By indexer
168 days ago

There Was An Old Woman Who Lived In a Shoe: what does it mean?

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There was an old woman who lived in a shoe,
She had so many children she didn’t know what to do;
So she gave them some broth without any bread,
And she whipped them all soundly and sent them to bed.

This may just sound like a nonsense rhyme but it does have a real meaning behind it. Like many so-called nursery rhymes it was political in origin, dating from the reign of King George II of Great Britain (reigned 1727-60).

George was the second king of the Hanoverian dynasty (from which the current royal family are descended), coming to the throne in 1727, but he was not very popular with the British public. He had been born abroad and found the English language difficult. He also found the business of governing not to his liking and tended to leave the major decisions to his much more able wife, Queen Caroline. He therefore acquired the nickname of “the old woman”.

He also found that the leading minister of the day, Sir Robert Walpole, was able to control Parliament and that he had very little influence over what the members of parliament did. They were therefore the unruly children of the rhyme.

Many people in the country had been ruined by the bursting of the South Sea Bubble in 1721, and King George was keen to involve Britain in foreign wars, notably the series of struggles that became known as the War of the Austrian Succession (1740-8). This meant that there was very little money in the public purse (“broth without any bread”).

The king demanded that Parliament should remain in constant session and that its members should attend every day to vote the way he wanted them to, although, as mentioned above, it was Walpole who really controlled matters. A demand that MPs vote in a certain way is referred to as a “whip”, which derives from the “whipper-in” on the hunting field who kept the hounds in line.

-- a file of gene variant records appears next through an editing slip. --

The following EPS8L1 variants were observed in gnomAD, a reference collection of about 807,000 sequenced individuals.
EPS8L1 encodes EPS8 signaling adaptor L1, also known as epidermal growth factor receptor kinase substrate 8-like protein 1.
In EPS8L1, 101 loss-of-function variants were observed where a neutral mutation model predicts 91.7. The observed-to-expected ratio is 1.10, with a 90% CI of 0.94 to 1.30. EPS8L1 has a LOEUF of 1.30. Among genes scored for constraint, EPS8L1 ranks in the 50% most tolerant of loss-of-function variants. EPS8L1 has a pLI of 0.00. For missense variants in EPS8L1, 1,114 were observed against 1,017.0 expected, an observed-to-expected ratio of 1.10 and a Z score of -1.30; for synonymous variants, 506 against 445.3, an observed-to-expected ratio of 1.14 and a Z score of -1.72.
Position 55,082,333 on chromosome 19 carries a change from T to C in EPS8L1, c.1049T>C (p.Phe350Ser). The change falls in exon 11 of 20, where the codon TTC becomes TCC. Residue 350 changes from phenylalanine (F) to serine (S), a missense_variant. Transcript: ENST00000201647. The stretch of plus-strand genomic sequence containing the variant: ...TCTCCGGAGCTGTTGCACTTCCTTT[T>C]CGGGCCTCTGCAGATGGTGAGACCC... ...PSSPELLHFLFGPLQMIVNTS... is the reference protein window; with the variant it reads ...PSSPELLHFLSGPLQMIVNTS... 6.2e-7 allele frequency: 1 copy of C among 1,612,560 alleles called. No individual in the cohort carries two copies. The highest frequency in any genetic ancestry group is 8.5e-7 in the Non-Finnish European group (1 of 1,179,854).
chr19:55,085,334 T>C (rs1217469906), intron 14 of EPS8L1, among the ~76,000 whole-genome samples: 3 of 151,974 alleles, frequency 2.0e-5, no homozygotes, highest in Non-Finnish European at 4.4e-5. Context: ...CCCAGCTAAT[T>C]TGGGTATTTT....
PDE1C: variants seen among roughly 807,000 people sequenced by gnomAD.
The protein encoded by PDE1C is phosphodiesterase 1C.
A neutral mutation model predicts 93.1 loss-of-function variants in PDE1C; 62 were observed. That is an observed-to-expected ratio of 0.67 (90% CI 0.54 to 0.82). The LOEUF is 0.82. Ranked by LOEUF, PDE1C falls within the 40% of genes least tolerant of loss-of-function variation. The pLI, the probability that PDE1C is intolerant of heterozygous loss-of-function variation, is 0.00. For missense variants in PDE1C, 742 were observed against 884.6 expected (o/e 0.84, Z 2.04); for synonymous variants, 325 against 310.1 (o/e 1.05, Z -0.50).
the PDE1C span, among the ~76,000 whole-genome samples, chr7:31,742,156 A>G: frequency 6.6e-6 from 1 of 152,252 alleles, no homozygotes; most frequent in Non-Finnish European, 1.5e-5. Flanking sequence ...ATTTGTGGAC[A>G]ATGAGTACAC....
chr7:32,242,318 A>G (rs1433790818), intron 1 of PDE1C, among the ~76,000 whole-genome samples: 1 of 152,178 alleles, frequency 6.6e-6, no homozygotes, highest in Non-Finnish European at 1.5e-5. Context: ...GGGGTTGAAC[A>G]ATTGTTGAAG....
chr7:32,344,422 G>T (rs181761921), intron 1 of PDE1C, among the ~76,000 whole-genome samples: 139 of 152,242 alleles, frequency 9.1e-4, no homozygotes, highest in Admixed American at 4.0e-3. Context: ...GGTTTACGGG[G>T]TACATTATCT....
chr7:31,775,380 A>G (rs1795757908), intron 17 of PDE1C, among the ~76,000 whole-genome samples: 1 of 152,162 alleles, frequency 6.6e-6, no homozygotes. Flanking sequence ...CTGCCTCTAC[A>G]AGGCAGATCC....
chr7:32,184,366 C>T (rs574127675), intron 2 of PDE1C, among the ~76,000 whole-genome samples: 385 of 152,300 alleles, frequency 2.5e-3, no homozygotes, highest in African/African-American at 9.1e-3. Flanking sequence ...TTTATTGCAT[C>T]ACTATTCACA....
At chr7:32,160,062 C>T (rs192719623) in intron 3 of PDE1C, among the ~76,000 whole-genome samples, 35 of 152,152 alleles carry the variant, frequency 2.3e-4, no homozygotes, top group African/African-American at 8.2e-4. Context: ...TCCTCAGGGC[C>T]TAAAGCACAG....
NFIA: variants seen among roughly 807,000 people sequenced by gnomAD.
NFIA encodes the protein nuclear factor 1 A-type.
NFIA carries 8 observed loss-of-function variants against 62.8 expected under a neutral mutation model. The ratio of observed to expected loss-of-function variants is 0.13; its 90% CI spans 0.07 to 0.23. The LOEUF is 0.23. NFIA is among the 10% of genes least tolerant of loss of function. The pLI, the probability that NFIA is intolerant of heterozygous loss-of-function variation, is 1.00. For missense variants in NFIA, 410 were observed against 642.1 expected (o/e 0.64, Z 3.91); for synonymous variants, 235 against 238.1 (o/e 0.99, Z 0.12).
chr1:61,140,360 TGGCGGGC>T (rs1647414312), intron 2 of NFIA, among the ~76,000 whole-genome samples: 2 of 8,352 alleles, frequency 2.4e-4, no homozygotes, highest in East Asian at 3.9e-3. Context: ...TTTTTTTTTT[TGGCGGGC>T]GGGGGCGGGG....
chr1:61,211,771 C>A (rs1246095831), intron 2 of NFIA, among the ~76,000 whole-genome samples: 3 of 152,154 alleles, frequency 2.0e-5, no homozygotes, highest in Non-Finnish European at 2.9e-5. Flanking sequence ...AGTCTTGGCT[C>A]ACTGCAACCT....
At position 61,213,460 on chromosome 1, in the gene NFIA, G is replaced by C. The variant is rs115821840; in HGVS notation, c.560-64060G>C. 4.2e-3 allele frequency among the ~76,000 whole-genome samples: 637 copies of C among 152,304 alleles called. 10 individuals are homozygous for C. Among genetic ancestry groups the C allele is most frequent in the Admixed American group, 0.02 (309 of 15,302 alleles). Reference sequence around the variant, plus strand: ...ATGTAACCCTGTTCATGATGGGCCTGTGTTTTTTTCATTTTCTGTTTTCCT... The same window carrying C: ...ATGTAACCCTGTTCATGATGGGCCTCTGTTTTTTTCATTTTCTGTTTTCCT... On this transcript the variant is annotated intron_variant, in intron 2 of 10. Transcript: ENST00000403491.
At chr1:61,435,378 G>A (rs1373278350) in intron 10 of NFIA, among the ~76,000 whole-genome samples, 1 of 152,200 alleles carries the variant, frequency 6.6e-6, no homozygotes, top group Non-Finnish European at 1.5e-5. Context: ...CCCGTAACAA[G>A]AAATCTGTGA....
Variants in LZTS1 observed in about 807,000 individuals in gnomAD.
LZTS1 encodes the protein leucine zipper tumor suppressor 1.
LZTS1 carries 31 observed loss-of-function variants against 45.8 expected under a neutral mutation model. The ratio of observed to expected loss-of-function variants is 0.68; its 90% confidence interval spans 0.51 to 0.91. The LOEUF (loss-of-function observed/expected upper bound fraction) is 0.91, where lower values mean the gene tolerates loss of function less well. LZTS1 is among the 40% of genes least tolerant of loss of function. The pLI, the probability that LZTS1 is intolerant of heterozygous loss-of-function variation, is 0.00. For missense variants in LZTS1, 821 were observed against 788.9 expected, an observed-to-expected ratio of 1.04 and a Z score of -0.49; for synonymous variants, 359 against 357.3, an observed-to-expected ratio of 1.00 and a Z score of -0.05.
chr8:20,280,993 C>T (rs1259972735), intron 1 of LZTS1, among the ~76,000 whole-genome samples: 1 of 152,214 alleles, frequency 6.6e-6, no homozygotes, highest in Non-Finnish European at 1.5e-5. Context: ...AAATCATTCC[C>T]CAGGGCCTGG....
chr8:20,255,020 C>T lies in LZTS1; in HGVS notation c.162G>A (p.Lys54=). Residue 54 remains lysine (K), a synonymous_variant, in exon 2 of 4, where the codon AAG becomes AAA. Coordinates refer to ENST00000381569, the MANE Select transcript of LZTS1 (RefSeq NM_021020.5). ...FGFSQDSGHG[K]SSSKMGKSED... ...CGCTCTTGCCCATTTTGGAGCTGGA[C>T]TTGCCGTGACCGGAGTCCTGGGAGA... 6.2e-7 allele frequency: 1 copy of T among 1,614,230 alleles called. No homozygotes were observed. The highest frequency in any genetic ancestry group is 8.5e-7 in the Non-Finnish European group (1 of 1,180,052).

The “children” were therefore soundly whipped and sent to “bed”, namely the House of Commons.

The shoe in the rhyme could also be a reference to marital fertility, as symbolised by the throwing of shoes as the bride and groom left for their honeymoon. George and Caroline were certainly fertile, having eight surviving children.

The “old woman” rhyme was therefore a way of poking fun at the inadequacies of an unpopular king, with its meanings hidden in such a way that anyone reciting it could not be accused of directly insulting King George.
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Lucia5 Nice article!
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soncee Great artwork
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indexer @soncee I just choose it - I take no responsibility for producing it! I think it comes from a 19th century collection of nursery rhymes - I agree, it is a very good image.
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carmen3521 Good to know
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Justin
👍👍👍👍👍
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